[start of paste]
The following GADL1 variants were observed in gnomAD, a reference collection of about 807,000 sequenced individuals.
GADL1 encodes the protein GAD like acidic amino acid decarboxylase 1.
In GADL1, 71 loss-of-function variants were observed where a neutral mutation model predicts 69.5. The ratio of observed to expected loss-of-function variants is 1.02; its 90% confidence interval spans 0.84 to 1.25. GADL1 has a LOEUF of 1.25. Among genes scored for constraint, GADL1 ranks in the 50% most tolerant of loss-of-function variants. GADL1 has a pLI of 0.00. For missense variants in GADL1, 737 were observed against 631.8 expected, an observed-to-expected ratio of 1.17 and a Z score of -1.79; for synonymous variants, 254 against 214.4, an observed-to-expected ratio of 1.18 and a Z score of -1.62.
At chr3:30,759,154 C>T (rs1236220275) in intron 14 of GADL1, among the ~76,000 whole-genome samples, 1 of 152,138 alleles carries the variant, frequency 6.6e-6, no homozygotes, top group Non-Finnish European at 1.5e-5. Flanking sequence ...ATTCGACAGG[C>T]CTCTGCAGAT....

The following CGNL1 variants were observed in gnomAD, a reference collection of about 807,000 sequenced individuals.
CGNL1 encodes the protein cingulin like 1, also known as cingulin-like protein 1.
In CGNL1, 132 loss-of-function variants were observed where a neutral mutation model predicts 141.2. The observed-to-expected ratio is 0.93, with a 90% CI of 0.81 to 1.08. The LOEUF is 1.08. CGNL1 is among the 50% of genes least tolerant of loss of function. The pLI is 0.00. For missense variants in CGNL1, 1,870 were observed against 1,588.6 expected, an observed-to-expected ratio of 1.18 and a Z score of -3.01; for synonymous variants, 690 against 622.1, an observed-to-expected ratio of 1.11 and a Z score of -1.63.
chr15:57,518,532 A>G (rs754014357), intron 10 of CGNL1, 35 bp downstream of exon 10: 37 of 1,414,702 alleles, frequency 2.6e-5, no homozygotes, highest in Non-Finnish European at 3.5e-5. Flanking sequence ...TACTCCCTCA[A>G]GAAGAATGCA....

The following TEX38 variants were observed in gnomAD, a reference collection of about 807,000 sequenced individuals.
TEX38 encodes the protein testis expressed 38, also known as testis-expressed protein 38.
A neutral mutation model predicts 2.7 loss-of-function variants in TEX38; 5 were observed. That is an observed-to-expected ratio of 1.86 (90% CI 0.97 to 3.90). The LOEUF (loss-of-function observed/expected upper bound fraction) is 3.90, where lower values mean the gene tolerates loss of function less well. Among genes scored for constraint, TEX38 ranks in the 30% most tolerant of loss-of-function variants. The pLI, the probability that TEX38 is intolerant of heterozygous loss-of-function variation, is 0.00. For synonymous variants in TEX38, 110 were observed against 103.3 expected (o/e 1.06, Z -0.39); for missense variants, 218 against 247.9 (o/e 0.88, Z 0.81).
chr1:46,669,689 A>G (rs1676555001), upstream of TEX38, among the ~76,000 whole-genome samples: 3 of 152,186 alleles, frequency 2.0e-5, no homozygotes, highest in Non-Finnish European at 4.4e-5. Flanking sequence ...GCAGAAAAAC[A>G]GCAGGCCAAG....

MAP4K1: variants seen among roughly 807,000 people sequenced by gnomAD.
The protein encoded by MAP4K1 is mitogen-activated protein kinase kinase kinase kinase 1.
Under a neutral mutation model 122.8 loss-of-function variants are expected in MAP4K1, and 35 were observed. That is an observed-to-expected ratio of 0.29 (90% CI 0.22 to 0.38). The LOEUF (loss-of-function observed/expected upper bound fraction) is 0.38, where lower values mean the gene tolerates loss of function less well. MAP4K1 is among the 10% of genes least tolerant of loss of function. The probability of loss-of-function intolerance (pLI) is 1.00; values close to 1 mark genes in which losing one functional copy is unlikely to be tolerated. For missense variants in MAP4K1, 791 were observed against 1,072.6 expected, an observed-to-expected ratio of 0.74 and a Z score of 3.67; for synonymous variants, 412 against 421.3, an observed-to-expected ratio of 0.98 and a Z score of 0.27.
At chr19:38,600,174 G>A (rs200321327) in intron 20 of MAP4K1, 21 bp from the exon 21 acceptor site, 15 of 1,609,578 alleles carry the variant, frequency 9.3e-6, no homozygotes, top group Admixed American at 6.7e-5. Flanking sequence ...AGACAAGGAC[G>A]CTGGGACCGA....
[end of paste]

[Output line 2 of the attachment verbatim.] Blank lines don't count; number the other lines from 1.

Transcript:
GADL1 encodes the protein GAD like acidic amino acid decarboxylase 1.